FORT SCOTT, KS.--- Fort Scott Community College welcomes a donation of some very expensive hot rods from Harley Davidson Motorcycles. More than $250,000 worth of motorcycles were donated to the college. The bikes are being used in the senior capstone class at Fort Scott Community College's Harley Davidson Technician Training Center. The training facility is located just north of Frotenac on Highway 69.
"These are brand new motorcycles with custom paint jobs and everything else," said Dwayne Hale, Program Director.
The donation includes eight motorcycles and a trike, which is similar to a motorcycle but it has three wheels. Students like Jason Arnold say he couldn't wait to get his hands on some of the new equipment.
"It's really nice to have all these new bikes that we can work on and learn all the new things that's coming out," said Jason Arnold, Student.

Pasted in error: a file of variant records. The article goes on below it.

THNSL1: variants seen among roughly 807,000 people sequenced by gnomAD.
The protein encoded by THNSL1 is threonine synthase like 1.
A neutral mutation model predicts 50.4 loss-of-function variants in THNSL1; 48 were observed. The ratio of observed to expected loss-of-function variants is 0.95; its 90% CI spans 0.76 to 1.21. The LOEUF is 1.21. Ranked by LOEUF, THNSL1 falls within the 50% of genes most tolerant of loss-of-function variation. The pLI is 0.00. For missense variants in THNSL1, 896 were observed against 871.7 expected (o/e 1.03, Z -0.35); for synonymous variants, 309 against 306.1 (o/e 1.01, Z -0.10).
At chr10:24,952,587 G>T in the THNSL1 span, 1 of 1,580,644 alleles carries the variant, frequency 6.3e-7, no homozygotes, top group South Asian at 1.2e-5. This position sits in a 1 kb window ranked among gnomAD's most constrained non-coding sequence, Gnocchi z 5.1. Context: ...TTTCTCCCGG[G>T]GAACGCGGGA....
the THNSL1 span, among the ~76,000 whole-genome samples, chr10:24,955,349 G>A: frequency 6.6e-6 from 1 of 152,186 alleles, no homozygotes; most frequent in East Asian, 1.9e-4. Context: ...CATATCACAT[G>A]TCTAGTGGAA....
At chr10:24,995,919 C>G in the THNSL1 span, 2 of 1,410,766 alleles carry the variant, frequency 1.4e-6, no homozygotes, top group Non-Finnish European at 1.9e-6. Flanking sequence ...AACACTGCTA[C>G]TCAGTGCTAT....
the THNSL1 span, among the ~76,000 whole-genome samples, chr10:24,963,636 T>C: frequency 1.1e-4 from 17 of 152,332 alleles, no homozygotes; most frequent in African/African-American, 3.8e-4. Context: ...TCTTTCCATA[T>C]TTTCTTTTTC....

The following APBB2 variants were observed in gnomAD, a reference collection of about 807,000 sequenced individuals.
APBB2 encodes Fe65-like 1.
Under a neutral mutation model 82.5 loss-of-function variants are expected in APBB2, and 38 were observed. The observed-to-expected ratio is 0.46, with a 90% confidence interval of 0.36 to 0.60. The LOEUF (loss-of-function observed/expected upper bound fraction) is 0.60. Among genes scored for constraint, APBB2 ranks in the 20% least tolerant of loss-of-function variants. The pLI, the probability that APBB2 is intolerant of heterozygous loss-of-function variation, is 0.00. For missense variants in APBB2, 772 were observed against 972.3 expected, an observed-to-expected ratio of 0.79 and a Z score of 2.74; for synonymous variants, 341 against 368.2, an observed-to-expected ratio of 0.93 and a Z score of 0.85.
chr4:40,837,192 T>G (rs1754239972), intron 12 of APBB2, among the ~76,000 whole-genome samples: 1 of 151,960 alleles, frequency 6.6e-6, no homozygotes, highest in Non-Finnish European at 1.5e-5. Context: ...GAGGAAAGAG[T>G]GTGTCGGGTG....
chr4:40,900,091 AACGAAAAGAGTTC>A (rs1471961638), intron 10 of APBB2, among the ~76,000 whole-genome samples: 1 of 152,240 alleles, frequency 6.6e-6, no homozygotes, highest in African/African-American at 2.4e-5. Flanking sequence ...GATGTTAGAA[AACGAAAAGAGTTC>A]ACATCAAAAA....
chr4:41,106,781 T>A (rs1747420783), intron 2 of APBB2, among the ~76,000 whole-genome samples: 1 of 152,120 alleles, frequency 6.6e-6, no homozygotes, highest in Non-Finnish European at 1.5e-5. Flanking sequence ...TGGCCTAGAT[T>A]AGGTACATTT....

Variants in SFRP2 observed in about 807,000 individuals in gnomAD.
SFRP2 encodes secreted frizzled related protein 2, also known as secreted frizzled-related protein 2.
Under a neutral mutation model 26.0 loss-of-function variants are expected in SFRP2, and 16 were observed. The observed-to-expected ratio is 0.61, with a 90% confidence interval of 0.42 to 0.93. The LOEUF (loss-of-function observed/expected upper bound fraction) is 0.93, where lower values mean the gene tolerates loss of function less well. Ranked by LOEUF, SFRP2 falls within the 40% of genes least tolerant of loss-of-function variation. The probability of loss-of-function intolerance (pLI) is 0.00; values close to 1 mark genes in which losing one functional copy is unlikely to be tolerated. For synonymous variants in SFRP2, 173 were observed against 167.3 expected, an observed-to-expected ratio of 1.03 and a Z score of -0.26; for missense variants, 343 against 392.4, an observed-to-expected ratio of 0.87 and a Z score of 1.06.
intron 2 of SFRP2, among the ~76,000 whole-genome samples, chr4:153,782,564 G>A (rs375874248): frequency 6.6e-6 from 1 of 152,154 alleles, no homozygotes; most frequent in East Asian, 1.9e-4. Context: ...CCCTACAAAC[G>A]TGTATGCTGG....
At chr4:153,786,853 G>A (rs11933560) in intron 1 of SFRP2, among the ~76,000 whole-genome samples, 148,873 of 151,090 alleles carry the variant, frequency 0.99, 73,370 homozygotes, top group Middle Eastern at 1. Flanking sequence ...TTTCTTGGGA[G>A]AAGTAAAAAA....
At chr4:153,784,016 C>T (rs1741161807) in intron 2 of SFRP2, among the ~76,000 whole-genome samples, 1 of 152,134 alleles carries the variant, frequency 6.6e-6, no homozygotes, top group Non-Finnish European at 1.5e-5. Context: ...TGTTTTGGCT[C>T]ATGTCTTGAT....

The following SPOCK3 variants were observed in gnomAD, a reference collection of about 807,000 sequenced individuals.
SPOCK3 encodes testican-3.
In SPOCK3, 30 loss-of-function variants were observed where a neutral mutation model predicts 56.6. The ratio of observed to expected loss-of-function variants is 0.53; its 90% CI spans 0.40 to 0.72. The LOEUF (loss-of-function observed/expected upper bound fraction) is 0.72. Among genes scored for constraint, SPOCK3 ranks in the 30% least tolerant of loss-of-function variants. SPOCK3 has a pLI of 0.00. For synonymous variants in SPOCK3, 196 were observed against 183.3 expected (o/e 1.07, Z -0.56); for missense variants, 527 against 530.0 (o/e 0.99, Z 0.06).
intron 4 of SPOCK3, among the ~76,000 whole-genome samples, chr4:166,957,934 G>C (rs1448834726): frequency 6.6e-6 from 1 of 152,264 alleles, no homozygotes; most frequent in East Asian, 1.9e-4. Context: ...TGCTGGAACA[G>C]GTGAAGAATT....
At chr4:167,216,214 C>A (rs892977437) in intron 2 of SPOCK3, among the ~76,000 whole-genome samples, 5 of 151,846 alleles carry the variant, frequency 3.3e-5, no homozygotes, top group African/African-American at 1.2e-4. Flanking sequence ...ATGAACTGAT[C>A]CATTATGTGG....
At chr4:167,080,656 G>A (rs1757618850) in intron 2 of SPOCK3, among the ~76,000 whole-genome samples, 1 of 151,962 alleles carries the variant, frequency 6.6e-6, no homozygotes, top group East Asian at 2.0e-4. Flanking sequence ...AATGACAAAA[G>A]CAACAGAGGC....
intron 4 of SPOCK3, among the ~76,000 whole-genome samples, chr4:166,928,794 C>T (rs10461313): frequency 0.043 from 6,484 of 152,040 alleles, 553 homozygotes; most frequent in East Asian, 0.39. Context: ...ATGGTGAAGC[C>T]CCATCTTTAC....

Student Randy Bennett has one more semester left at the Harley Davidson Training Center. He knows that working on this caliber of machinery will advance his career to the next level.
"An owner or a manager, they are particular on who puts their hands on those bikes. So having these bikes down here and giving us the opportunity to get our hands on these bikes, it's been a great thing," said Randy Bennett, Student.
The instructors try to make the program as hands-on as possible. They say receiving motorcycles this high of quality will ensure their students are ready for the real world.
"They have always been very supportive of us, as far as engines, and transmissions and motorcycles. They've seen the need to update some of the stuff and they''ve offered us new equipment," said Hale.
"All of the students have a very well-rounded base whenever they leave the program, because they're exposed to the software, as well as the hands on out here in the shop environment," said Mike Mathes, Instructor.
The students have already begun working directly with the bikes. The donation totals close to a quarter of a million dollars. This is the only program like this in the country, and it's right here in Southeast Kansas.